The Convention Industry Council has released its new "Economic Significance of Meetings to the U.S. Economy" report, an update to a 2009 study, which had been conducted during the depths of the economic recession. The new figures show significant increases in meeting participants, tax contribution, and job growth from 2009 to 2012.
During the 2012 calendar year, 1.83 million meetings were held in the U.S., attended by 225 million participants—a 10 percent increase in attendees since 2009. Those events provided more than $115 billion in contribution to GDP, and employed nearly 1.8 million people. “That translates to 8.3 percent more jobs created by meetings in 2012 than in 2009, nearly double the average employment growth rate during that time,” said Karen Kotowski, CMP, CAE, chief executive of the CIC. “Meetings increased employment at a time when many industries didn’t have the same opportunity.
“Meetings’ contribution to GDP surpasses that of the air transportation, motion picture, sound recording, performing arts, and spectator sport industries,” she added.
Of the 1.83 million meetings conducted in 2012, 1.3 million are classified as corporate or business meetings; 273,700 are conventions, conferences, or congresses; 10,900 are trade shows; and 67,700 are incentive meetings.
MeetingsNet asked Roger Rickard, founder & chief advocate, Voices in Advocacy, what the trickle-down effect would be to meeting managers. “These economic numbers prove that live face-to-face engagement is alive and well as the go-to tool in providing adult education, knowledge transfer, sales, and revenue to organizations,” said Rickard, a well-known spokesperson for grassroots advocacy in the meetings industry. “The sheer number of off-site meetings in the U.S. is confirmation that organizations value this type of engagement and value it as part of their business success. These numbers can used by meeting managers as evidence that well thought-out, well-planned, objective-driven meetings are and should be used as a major vehicle for achieving organizational goals.”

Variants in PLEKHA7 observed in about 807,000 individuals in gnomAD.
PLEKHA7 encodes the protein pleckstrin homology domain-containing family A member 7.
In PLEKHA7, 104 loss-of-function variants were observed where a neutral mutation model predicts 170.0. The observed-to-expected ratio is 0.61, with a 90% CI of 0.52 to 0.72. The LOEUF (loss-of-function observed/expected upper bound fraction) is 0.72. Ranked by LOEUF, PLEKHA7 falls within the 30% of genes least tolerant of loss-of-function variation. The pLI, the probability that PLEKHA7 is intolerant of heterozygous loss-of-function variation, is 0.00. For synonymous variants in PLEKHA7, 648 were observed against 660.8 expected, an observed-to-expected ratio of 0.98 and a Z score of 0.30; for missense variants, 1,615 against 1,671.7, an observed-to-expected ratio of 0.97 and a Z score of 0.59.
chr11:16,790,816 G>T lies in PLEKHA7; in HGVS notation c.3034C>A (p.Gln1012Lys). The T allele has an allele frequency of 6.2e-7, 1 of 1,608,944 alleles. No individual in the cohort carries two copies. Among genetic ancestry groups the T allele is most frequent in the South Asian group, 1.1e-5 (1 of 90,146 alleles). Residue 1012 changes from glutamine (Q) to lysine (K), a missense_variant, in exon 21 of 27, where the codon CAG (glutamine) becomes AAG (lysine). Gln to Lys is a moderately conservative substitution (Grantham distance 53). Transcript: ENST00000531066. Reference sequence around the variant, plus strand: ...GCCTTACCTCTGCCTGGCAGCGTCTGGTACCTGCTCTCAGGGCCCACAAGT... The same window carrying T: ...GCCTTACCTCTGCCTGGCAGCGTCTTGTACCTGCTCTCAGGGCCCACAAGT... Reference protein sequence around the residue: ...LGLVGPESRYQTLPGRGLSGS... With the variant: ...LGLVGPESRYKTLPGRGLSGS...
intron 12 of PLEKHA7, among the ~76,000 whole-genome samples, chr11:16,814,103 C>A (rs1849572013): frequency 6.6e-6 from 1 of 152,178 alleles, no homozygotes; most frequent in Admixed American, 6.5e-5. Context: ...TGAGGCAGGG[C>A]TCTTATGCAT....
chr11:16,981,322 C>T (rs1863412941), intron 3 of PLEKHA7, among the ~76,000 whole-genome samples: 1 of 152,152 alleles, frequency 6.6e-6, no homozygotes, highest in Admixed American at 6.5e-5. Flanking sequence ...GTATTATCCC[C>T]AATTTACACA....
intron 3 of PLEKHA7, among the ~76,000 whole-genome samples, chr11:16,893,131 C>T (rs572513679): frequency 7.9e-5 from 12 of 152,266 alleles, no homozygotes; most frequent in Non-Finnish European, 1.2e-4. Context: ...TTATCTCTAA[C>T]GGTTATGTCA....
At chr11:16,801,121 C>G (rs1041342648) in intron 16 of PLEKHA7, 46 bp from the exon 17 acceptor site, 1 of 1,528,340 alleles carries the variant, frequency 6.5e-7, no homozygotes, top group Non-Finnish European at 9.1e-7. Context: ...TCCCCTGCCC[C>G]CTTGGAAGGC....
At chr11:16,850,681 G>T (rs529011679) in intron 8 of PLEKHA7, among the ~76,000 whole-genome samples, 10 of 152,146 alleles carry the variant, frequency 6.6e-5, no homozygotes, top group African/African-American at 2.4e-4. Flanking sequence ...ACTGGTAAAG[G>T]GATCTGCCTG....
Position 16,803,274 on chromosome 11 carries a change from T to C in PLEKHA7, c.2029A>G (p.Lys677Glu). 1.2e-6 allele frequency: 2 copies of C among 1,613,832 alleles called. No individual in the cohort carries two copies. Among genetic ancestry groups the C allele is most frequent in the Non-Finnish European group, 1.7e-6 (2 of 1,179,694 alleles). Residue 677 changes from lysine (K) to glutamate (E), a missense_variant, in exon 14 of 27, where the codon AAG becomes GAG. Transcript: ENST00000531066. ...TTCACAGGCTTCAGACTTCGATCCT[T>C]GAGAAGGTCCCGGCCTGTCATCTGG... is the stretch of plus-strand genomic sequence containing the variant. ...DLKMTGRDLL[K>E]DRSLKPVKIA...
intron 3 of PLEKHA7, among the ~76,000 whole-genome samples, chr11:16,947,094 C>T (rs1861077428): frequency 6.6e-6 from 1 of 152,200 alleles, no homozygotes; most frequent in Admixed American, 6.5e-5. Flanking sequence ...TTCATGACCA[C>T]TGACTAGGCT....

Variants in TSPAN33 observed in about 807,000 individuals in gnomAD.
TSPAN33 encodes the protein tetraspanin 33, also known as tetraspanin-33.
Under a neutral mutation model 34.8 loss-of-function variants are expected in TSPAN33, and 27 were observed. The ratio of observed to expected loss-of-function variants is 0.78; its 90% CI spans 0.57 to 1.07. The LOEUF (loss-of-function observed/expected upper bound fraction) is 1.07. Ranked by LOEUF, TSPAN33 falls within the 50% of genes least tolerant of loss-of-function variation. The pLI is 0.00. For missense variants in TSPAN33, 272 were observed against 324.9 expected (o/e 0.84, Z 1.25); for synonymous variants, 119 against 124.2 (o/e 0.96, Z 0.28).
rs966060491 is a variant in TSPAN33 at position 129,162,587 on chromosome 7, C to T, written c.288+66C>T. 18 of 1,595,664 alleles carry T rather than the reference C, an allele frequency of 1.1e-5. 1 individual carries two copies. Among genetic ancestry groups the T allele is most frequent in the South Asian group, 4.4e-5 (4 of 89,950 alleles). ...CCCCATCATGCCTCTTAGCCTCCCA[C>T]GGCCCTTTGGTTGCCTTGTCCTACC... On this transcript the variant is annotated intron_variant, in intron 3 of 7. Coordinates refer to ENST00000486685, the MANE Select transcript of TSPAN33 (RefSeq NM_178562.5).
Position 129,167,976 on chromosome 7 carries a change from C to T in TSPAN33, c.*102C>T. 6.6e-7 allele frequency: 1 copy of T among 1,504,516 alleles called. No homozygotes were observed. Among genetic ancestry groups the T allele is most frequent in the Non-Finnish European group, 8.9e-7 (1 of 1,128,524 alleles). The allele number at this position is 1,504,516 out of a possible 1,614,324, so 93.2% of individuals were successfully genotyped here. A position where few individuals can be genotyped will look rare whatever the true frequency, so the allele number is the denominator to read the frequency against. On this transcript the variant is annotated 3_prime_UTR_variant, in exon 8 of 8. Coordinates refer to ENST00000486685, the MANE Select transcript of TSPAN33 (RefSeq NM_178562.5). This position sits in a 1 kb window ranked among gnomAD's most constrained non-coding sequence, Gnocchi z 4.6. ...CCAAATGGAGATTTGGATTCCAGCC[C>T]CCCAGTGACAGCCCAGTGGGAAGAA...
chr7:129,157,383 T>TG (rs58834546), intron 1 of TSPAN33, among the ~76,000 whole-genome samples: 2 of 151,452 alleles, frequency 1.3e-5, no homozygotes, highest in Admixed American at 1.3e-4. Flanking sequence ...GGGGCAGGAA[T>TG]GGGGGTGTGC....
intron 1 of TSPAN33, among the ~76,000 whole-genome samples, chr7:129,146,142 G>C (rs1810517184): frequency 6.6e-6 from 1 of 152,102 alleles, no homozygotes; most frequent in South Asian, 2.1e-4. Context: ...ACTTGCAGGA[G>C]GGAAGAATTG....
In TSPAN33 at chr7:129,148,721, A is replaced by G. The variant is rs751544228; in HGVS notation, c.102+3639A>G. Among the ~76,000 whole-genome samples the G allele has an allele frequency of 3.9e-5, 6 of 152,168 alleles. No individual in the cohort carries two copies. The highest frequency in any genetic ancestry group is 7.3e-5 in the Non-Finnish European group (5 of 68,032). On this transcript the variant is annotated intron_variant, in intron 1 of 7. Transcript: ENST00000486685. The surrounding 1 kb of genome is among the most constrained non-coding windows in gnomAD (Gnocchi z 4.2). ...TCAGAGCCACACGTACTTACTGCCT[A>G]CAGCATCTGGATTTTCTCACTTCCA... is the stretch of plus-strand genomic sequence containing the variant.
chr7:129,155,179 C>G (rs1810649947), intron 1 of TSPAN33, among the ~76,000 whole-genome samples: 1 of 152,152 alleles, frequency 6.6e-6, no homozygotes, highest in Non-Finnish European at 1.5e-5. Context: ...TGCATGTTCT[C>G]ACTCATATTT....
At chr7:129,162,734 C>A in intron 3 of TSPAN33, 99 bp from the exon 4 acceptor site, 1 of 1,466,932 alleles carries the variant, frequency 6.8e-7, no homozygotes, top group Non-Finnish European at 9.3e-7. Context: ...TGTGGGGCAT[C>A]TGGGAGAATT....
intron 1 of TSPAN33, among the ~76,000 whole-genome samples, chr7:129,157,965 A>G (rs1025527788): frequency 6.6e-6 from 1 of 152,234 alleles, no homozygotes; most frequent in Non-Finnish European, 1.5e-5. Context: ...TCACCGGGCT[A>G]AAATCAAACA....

A Staggering Output
“Total economic output of meetings was valued at $770.4 billion dollars in 2012, a staggering figure,” added Kotowski. “Not only does that mean more meetings were held—they were attended by more people.”
Meetings also help local economies through taxes generated. The new data show meetings contributed $88 billion in federal, state, and local taxes to fund and support communities across the country. The majority of meeting participants in 2012 traveled 50 miles or more to attend a meeting—consuming hotel rooms, restaurant meals, and transportation services.
As a coalition member of Meetings Mean Business, CIC will use the updated research in the broader campaign to define and broadcast the link between meetings and business success.
“Meetings really do mean business and we are proud to say that our industry is using one voice to ensure policymakers, consumers, and business leaders truly understand our worth and impact,” said David DuBois, president of IAEE, chairman-elect of CIC, and leading coalition member of the Meetings Mean Business campaign.
About the Study
The Economic Significance of Meetings to the U.S. Economy, conducted by PricewaterhouseCoopers LLP (PwC) US, was spearheaded by an alliance of organizations representing the collective meetings, travel, exhibitions, and events industries in the U.S. brought together via the Convention Industry Council. Primary funding organizations include American Hotel & Lodging Association, ASAE, Convention Industry Council, Destination Marketing Association International/Destination & Travel Foundation, Meeting Professionals International Foundation, Professional Convention Management Association/Education Foundation, and U.S. Travel Association. Other allied industry partners include Center for Exhibition Industry Research, Convention Sales Professionals International, Event Service Professionals Association, Financial & Insurance Conference Planners, International Association of Exhibitions and Events, International Special Events Society, and National Speakers Association.
For an executive summary of the research, visit http://www.significancestudy.org.